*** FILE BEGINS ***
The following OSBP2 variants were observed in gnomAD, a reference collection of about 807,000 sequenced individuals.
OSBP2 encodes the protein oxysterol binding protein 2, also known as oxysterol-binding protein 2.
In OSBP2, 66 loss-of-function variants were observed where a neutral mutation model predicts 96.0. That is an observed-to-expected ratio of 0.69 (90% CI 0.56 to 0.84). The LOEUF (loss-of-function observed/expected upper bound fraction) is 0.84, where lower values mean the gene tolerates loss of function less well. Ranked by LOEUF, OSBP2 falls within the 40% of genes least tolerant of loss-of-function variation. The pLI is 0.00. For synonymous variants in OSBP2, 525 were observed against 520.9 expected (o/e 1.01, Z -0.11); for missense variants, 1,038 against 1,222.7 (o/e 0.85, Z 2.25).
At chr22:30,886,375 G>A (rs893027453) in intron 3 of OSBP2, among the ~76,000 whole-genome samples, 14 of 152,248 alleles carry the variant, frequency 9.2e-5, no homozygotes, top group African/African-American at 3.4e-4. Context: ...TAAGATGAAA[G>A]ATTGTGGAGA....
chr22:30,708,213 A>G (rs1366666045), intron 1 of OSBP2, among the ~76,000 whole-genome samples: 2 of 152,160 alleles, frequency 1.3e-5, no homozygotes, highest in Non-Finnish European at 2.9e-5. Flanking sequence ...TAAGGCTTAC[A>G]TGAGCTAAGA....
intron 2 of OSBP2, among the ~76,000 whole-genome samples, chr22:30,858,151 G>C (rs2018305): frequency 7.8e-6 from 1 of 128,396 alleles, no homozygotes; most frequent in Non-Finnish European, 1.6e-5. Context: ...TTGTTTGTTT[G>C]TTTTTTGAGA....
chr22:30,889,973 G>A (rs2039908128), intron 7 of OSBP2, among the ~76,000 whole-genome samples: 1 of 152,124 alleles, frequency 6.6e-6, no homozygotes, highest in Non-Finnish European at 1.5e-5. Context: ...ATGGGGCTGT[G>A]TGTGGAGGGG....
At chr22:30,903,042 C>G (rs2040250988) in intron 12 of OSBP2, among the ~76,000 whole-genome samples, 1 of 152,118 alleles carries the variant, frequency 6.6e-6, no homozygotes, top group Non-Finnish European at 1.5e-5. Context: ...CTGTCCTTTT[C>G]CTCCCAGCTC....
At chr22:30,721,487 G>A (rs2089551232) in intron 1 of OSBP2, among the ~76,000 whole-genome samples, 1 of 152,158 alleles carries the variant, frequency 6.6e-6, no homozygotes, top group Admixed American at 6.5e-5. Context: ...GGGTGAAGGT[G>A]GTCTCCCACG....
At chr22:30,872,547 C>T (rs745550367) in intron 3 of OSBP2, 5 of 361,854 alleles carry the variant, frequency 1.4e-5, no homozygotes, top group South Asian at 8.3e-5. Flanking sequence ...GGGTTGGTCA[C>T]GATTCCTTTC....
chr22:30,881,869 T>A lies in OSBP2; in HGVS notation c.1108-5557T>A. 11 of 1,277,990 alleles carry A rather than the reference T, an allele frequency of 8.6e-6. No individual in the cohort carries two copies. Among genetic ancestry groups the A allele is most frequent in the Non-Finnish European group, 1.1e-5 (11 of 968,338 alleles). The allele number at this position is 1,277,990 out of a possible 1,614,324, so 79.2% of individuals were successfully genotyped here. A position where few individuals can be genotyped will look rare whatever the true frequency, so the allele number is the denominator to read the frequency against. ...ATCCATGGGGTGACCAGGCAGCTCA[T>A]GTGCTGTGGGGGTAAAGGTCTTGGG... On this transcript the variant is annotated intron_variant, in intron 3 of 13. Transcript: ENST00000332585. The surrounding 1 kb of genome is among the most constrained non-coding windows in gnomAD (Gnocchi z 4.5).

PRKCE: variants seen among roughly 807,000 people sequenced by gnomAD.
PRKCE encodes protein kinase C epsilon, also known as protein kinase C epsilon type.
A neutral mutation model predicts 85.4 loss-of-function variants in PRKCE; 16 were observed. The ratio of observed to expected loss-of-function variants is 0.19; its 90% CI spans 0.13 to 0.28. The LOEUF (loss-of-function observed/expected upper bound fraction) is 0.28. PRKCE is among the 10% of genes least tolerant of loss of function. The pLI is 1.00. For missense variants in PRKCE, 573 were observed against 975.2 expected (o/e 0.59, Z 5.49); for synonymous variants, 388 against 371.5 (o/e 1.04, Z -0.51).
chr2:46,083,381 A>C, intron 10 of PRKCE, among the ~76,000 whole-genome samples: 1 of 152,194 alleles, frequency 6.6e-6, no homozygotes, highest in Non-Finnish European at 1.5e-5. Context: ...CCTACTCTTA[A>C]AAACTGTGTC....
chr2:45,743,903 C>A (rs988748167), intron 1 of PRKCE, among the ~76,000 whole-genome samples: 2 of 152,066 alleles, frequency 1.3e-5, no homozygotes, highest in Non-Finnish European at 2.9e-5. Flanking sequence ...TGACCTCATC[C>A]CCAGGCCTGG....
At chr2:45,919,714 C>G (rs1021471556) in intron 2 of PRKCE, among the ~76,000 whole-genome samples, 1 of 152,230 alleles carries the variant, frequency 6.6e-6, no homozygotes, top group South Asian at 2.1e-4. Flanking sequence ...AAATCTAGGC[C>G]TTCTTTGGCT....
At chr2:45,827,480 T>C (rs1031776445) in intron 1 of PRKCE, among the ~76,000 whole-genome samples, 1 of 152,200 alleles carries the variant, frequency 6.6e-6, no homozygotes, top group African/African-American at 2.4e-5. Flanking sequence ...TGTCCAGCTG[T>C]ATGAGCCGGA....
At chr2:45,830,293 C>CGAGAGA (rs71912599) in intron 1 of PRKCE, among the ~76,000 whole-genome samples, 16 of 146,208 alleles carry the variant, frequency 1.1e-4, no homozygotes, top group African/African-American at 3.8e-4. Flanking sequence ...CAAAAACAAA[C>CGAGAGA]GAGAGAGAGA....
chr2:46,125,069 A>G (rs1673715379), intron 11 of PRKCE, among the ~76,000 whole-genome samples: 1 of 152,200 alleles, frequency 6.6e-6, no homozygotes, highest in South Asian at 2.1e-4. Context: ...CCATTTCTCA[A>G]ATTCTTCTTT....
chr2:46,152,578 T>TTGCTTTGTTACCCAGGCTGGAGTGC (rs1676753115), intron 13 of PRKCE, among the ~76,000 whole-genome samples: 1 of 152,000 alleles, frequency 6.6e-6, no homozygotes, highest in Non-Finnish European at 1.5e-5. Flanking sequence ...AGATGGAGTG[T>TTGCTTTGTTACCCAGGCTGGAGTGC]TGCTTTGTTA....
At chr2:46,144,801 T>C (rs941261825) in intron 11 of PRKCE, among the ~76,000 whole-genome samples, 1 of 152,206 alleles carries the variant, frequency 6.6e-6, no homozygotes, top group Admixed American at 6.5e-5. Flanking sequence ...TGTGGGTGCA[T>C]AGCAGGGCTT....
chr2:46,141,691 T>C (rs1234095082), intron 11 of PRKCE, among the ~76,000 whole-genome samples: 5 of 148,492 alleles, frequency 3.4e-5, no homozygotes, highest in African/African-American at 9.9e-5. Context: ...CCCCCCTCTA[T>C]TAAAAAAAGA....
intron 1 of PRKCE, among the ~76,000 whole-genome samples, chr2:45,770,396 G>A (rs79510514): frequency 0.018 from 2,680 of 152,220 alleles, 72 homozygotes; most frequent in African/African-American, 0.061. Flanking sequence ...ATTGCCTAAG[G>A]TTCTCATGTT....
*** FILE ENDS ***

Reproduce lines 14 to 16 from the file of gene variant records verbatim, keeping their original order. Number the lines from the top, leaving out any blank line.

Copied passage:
A neutral mutation model predicts 85.4 loss-of-function variants in PRKCE; 16 were observed. The ratio of observed to expected loss-of-function variants is 0.19; its 90% CI spans 0.13 to 0.28. The LOEUF (loss-of-function observed/expected upper bound fraction) is 0.28. PRKCE is among the 10% of genes least tolerant of loss of function. The pLI is 1.00. For missense variants in PRKCE, 573 were observed against 975.2 expected (o/e 0.59, Z 5.49); for synonymous variants, 388 against 371.5 (o/e 1.04, Z -0.51).
chr2:46,083,381 A>C, intron 10 of PRKCE, among the ~76,000 whole-genome samples: 1 of 152,194 alleles, frequency 6.6e-6, no homozygotes, highest in Non-Finnish European at 1.5e-5. Context: ...CCTACTCTTA[A>C]AAACTGTGTC....
chr2:45,743,903 C>A (rs988748167), intron 1 of PRKCE, among the ~76,000 whole-genome samples: 2 of 152,066 alleles, frequency 1.3e-5, no homozygotes, highest in Non-Finnish European at 2.9e-5. Flanking sequence ...TGACCTCATC[C>A]CCAGGCCTGG....